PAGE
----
Dipti Bhatnagar, who works on climate justice issues for Friends of the Earth International, said that in Mozambique - where she lives - multinationals Shell and Eni were starting a large natural gas project while showing interest in offsetting emissions from their operations by planting trees in Africa.
“This is completely problematic. ... We are saying this is not the way to do things,” she told the Thomson Reuters Foundation.
Carbon market experts said discussions on “Article 6”, the part of the Paris Agreement that covers carbon markets, had failed to make much progress in the first few days in Madrid.
Countries are at odds over how the emissions reductions projects generate should be accounted for, with some pushing for a system that prohibits “double counting” with both the country that is home to the projects and the country that buys the credits counting them toward their national targets.
Another point of contention is whether billions of carbon offsets created as part of the “Clean Development Mechanism” under the Kyoto Protocol, the treaty that preceded the Paris Agreement, can be carried over into the new system.
China, India and Brazil, which own many of these credits, want to be able to sell them to help meet their Paris targets, but other countries say they should be canceled or efforts to quickly reduce emissions will fail.
Sam Van den plas, policy director with Carbon Market Watch, an international advocacy group, said carrying those credits over would be the equivalent of allowing 700 coal power plants to operate continuously for 10 years.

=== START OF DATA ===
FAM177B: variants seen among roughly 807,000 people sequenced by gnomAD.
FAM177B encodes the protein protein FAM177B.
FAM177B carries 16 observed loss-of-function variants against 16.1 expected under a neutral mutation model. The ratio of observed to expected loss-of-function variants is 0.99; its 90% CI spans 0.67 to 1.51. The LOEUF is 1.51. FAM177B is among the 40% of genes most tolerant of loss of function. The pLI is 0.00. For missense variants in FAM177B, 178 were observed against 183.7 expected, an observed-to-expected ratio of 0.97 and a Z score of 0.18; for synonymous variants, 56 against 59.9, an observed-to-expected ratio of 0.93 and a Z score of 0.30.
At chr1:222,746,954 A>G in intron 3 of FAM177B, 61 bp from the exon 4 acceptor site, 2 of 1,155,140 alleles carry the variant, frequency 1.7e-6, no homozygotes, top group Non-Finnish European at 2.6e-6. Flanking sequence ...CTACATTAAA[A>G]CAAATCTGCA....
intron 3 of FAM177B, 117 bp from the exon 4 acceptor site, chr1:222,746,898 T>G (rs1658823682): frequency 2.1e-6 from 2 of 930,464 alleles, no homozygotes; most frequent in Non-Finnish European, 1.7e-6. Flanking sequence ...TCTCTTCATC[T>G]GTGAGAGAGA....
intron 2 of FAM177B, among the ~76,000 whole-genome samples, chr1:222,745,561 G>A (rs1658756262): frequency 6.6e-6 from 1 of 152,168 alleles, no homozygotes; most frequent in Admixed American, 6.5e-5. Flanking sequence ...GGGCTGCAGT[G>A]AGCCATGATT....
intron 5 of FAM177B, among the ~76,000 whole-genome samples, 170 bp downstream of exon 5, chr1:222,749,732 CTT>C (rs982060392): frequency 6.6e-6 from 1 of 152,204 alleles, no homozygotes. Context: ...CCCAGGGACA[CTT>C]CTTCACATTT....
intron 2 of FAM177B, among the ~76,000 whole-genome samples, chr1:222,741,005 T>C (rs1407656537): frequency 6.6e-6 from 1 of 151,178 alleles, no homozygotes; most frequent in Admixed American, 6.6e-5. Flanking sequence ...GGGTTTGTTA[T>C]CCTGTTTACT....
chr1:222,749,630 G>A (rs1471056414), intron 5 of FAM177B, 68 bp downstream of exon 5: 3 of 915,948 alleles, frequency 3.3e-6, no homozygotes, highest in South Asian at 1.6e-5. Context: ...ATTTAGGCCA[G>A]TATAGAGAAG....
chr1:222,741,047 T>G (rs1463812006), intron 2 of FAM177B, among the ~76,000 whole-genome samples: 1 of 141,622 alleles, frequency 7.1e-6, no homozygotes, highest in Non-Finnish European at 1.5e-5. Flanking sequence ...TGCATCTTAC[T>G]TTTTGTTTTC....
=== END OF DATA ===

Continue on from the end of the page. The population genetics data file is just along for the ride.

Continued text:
“This risks undermining the Paris Agreement from the inside,” he told journalists. “Cheating the climate system does not get us anywhere.”
At a protest inside the conference, activists and leaders of U.S. indigenous communities chanted “Article Six, you cannot fix” and tore up a piece of paper representing it.
Simon Lewis, a professor who researches tropical forests at University College London, said even successful markets for carbon offsets derived from tree planting and other natural systems could not substitute for switching away from fossil fuels, if emissions were to be cut to net-zero.
“This nature-based solutions is becoming a smokescreen for just continuing business as usual,” he added, saying oil and gas companies needed to change their business models.
Arthur Lee, a senior technical advisor on climate change with Chevron, said his company was acting to shrink its carbon footprint, like others in the sector.
Measures ranged from reducing flaring and emissions from oil and gas production to using more renewable energy in its operations, he said.
“We are doing a lot more than a lot of people say that we are,” he added.
IETA said its new initiative would work to ensure benefits for local communities involved.
Jeremy Manion, who leads on forestry carbon markets for the Arbour Day Foundation, said cutting global emissions to net-zero was a “massive challenge” and would require “unlikely partnerships and collaborations”.
“We live in a very divisive time right now politically and economically, and trees are one of the few things we see... that bring people together across these divides.”
Reporting by Megan Rowling @meganrowling; editing by Laurie Goering. Please credit the Thomson Reuters Foundation, the charitable arm of Thomson Reuters, that covers humanitarian news, climate change, women's and LGBT+ rights, human trafficking and property rights. Visit news.trust.org/climate